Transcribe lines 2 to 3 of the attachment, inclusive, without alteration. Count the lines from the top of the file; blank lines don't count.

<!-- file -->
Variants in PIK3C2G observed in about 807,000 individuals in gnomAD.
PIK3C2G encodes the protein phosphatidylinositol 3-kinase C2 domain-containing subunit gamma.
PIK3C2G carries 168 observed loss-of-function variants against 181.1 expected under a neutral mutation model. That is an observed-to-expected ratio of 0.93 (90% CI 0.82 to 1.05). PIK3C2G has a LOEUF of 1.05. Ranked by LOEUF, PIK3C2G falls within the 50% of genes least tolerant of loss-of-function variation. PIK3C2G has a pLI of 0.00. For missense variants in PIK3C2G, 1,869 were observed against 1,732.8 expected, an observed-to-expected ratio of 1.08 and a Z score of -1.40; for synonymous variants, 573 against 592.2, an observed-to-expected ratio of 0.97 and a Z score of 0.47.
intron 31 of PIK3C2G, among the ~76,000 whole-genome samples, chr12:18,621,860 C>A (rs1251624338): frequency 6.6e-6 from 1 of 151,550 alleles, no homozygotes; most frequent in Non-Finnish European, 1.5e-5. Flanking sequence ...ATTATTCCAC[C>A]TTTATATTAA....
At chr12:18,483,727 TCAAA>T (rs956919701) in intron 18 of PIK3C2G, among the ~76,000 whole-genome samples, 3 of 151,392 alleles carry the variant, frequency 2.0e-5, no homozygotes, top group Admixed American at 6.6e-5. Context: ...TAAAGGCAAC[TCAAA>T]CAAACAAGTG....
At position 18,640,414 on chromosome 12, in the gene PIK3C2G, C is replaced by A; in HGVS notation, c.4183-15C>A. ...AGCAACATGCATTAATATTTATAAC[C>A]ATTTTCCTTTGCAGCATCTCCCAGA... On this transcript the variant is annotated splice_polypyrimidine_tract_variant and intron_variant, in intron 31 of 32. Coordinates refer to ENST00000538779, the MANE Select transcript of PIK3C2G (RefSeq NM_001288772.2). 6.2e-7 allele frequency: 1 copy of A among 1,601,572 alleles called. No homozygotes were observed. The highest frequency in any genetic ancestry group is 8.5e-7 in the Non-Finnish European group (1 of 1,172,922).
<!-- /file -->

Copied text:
PIK3C2G encodes the protein phosphatidylinositol 3-kinase C2 domain-containing subunit gamma.
PIK3C2G carries 168 observed loss-of-function variants against 181.1 expected under a neutral mutation model. That is an observed-to-expected ratio of 0.93 (90% CI 0.82 to 1.05). PIK3C2G has a LOEUF of 1.05. Ranked by LOEUF, PIK3C2G falls within the 50% of genes least tolerant of loss-of-function variation. PIK3C2G has a pLI of 0.00. For missense variants in PIK3C2G, 1,869 were observed against 1,732.8 expected, an observed-to-expected ratio of 1.08 and a Z score of -1.40; for synonymous variants, 573 against 592.2, an observed-to-expected ratio of 0.97 and a Z score of 0.47.